other spaces where spiders like to put their egg sacks. Purchase a pesticide rated specially for
spiders, and spread it along baseboards, and in corners and closets.
A Mouse in the House
Insects and spiders are not the only household pests that
need removal. Mice are cute and cuddly,
until they have babies, chew through your drywall, bite your pets and spread
diseases. Mouse incursions are not
limited to rural areas either. Many
suburbanites are finding that as their towns grow, and more land is broken up
for development, mice that used to live unmolested in fields have to find new
places to live. Often, those new places
are nice, warm, nearby houses.
Most experts agree it takes three steps to get rid of mice;
sanitation, construction and reduction.
Sanitation is simple; keep food sealed tightly and mice won’t have any
reason to stop by for a snack.
Construction involves shutting any openings that mice can use to get
into the house. Mice can squeeze into
very small spaces, so caulk or plug even the smallest openings to discourage
them from entering. Reduction involves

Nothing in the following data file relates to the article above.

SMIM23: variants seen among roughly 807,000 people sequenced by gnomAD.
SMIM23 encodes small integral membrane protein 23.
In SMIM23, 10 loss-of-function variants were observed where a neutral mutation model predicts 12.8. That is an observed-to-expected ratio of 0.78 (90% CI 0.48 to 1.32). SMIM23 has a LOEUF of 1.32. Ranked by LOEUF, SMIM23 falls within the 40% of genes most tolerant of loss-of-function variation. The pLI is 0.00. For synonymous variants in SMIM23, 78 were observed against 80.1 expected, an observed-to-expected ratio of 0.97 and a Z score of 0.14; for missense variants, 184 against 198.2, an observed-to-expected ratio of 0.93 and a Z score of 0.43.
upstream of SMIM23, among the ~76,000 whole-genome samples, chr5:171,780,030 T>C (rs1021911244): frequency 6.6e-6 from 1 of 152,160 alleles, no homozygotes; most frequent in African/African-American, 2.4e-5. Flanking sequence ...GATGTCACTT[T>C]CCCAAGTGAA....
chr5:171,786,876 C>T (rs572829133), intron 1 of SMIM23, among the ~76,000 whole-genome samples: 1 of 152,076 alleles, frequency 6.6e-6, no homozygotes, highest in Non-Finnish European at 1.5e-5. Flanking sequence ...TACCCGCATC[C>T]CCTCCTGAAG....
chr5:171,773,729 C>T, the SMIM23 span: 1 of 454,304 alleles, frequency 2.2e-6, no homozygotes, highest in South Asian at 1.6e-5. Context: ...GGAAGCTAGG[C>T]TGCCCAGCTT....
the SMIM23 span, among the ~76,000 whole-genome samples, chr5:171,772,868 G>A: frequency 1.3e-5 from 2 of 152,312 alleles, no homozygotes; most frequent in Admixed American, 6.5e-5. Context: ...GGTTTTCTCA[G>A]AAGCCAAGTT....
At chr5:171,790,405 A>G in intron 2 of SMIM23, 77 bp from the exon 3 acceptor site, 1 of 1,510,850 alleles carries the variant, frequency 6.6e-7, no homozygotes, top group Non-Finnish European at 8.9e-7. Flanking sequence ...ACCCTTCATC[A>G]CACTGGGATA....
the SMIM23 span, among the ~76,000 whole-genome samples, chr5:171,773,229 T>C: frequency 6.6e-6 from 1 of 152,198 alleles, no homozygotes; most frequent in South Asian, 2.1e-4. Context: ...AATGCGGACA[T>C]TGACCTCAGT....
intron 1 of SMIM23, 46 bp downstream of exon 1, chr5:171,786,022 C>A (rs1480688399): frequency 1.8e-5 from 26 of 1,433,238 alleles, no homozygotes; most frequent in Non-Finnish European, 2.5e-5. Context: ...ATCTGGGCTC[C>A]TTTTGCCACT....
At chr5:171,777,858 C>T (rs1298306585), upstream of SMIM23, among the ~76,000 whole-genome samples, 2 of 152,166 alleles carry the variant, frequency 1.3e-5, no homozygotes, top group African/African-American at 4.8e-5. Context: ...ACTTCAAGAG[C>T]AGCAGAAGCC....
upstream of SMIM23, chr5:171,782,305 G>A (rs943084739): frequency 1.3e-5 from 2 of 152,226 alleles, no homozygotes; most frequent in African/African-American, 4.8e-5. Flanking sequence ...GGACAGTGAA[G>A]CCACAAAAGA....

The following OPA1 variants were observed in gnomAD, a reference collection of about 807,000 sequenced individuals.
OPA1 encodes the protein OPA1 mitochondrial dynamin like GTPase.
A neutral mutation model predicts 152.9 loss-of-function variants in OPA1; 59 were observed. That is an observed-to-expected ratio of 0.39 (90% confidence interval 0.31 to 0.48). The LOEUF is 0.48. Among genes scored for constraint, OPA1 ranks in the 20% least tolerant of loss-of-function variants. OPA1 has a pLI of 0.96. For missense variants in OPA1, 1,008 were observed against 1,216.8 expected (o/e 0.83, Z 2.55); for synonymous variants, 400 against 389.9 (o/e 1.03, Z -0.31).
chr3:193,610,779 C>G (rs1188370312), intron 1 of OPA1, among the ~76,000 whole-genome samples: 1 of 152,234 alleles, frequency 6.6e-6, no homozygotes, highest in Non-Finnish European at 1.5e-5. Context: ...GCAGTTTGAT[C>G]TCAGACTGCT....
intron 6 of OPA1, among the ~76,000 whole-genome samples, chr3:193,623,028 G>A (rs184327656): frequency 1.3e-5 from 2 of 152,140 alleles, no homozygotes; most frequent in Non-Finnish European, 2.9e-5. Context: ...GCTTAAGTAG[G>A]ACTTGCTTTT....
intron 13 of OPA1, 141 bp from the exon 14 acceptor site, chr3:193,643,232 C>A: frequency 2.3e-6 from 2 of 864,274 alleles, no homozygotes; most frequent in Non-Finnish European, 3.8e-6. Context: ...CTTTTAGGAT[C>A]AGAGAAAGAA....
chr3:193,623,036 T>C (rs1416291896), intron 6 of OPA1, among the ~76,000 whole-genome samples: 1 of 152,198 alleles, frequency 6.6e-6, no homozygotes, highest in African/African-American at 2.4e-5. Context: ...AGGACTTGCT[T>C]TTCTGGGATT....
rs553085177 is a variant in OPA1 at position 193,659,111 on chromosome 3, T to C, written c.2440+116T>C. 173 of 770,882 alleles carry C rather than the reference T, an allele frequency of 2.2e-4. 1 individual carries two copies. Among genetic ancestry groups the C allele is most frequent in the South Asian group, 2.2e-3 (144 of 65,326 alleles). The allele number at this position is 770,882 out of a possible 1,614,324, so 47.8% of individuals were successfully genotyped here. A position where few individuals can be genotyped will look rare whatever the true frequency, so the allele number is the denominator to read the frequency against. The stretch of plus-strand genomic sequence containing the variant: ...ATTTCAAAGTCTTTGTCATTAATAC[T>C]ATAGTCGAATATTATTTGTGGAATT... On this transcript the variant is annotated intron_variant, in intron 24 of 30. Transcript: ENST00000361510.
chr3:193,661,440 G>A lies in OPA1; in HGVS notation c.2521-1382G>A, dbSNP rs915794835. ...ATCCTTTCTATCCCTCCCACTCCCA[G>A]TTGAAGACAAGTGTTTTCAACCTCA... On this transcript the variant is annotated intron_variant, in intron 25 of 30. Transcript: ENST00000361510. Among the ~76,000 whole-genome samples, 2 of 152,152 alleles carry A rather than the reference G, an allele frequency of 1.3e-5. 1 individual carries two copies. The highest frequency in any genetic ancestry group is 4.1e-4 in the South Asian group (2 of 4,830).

trapping or poisons. The old-fashioned
wooden trap that we all remember from "Tom and Jerry" cartoons works just fine. Glue traps also work well, although my
family ran into a problem when our cat would attempt to swat at mice that were
stuck to the glue. Our cat would get
stuck too, and in an attempt to get loose, would free the mouse as well. Speaking of cats, not all cats are good
mousers. And the ones that are are
often so proud of their feats of mouse-murder that they will leave the tiny
corpse in your shoe or on your doorstep just to show you how great they are.
Most mouse poisons cause death through internal bleeding or
disruption of their nervous systems. It
goes without saying that these poisons should be used with caution in a house
with children or pets.
Household Pests Rules of Thumb
No matter what the household pest is that you want to get
rid of, there are some general rules that apply to all. Find whatever they are feeding on, whether
it’s food, moisture or other bugs, and remove it or seal it up. And remember, if there is ever a question in
your mind about the safety of a pesticide or a trap, call a professional. No household pest is worth endangering your